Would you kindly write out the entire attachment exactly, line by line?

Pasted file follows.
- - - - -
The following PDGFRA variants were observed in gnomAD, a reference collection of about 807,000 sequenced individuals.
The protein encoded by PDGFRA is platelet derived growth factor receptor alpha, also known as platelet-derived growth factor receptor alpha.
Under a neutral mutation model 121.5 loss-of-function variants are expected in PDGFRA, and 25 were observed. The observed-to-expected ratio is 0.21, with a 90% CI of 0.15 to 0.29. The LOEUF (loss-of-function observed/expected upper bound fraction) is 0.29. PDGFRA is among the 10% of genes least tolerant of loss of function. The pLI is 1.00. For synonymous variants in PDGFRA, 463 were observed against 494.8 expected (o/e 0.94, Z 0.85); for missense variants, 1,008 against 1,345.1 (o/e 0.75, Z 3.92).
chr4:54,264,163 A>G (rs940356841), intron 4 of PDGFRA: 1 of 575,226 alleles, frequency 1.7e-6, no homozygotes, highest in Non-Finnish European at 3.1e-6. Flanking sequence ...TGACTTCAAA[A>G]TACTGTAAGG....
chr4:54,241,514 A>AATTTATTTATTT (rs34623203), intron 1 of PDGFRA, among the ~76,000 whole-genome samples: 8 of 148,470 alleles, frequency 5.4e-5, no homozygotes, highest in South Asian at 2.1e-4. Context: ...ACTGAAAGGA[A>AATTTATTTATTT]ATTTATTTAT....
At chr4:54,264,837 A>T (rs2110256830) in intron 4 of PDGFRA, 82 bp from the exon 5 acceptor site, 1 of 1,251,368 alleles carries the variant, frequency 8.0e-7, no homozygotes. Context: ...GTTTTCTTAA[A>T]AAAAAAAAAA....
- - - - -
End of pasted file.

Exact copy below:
The following PDGFRA variants were observed in gnomAD, a reference collection of about 807,000 sequenced individuals.
The protein encoded by PDGFRA is platelet derived growth factor receptor alpha, also known as platelet-derived growth factor receptor alpha.
Under a neutral mutation model 121.5 loss-of-function variants are expected in PDGFRA, and 25 were observed. The observed-to-expected ratio is 0.21, with a 90% CI of 0.15 to 0.29. The LOEUF (loss-of-function observed/expected upper bound fraction) is 0.29. PDGFRA is among the 10% of genes least tolerant of loss of function. The pLI is 1.00. For synonymous variants in PDGFRA, 463 were observed against 494.8 expected (o/e 0.94, Z 0.85); for missense variants, 1,008 against 1,345.1 (o/e 0.75, Z 3.92).
chr4:54,264,163 A>G (rs940356841), intron 4 of PDGFRA: 1 of 575,226 alleles, frequency 1.7e-6, no homozygotes, highest in Non-Finnish European at 3.1e-6. Flanking sequence ...TGACTTCAAA[A>G]TACTGTAAGG....
chr4:54,241,514 A>AATTTATTTATTT (rs34623203), intron 1 of PDGFRA, among the ~76,000 whole-genome samples: 8 of 148,470 alleles, frequency 5.4e-5, no homozygotes, highest in South Asian at 2.1e-4. Context: ...ACTGAAAGGA[A>AATTTATTTATTT]ATTTATTTAT....
At chr4:54,264,837 A>T (rs2110256830) in intron 4 of PDGFRA, 82 bp from the exon 5 acceptor site, 1 of 1,251,368 alleles carries the variant, frequency 8.0e-7, no homozygotes. Context: ...GTTTTCTTAA[A>T]AAAAAAAAAA....